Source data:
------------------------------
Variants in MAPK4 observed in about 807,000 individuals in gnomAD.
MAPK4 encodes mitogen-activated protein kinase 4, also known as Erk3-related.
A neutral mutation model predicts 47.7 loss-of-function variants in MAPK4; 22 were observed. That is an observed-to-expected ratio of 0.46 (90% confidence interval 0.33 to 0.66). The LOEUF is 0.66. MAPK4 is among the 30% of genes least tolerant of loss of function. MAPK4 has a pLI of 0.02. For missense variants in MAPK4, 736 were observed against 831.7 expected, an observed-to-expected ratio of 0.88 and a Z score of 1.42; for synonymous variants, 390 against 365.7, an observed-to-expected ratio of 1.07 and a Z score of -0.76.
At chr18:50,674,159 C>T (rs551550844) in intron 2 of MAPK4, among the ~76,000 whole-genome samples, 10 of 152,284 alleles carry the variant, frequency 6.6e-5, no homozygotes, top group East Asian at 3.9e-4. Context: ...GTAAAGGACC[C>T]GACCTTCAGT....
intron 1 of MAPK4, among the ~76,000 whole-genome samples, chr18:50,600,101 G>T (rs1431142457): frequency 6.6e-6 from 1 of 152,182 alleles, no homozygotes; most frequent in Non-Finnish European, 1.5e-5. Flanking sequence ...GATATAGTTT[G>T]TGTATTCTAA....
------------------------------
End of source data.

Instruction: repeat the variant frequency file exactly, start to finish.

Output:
Variants in MAPK4 observed in about 807,000 individuals in gnomAD.
MAPK4 encodes mitogen-activated protein kinase 4, also known as Erk3-related.
A neutral mutation model predicts 47.7 loss-of-function variants in MAPK4; 22 were observed. That is an observed-to-expected ratio of 0.46 (90% confidence interval 0.33 to 0.66). The LOEUF is 0.66. MAPK4 is among the 30% of genes least tolerant of loss of function. MAPK4 has a pLI of 0.02. For missense variants in MAPK4, 736 were observed against 831.7 expected, an observed-to-expected ratio of 0.88 and a Z score of 1.42; for synonymous variants, 390 against 365.7, an observed-to-expected ratio of 1.07 and a Z score of -0.76.
At chr18:50,674,159 C>T (rs551550844) in intron 2 of MAPK4, among the ~76,000 whole-genome samples, 10 of 152,284 alleles carry the variant, frequency 6.6e-5, no homozygotes, top group East Asian at 3.9e-4. Context: ...GTAAAGGACC[C>T]GACCTTCAGT....
intron 1 of MAPK4, among the ~76,000 whole-genome samples, chr18:50,600,101 G>T (rs1431142457): frequency 6.6e-6 from 1 of 152,182 alleles, no homozygotes; most frequent in Non-Finnish European, 1.5e-5. Flanking sequence ...GATATAGTTT[G>T]TGTATTCTAA....